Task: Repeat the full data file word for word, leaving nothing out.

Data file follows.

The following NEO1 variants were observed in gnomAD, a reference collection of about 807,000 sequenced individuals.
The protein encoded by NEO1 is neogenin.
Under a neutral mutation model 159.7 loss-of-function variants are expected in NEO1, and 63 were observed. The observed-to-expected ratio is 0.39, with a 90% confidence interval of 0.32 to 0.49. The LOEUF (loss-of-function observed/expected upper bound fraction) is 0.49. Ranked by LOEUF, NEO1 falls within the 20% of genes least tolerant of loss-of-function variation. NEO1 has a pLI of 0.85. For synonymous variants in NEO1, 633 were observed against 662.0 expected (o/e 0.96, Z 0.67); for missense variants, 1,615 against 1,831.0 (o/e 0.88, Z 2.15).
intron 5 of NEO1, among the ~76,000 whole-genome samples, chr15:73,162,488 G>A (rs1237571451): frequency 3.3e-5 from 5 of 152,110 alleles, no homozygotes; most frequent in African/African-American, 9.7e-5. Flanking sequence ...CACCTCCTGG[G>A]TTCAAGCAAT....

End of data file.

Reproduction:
The following NEO1 variants were observed in gnomAD, a reference collection of about 807,000 sequenced individuals.
The protein encoded by NEO1 is neogenin.
Under a neutral mutation model 159.7 loss-of-function variants are expected in NEO1, and 63 were observed. The observed-to-expected ratio is 0.39, with a 90% confidence interval of 0.32 to 0.49. The LOEUF (loss-of-function observed/expected upper bound fraction) is 0.49. Ranked by LOEUF, NEO1 falls within the 20% of genes least tolerant of loss-of-function variation. NEO1 has a pLI of 0.85. For synonymous variants in NEO1, 633 were observed against 662.0 expected (o/e 0.96, Z 0.67); for missense variants, 1,615 against 1,831.0 (o/e 0.88, Z 2.15).
intron 5 of NEO1, among the ~76,000 whole-genome samples, chr15:73,162,488 G>A (rs1237571451): frequency 3.3e-5 from 5 of 152,110 alleles, no homozygotes; most frequent in African/African-American, 9.7e-5. Flanking sequence ...CACCTCCTGG[G>A]TTCAAGCAAT....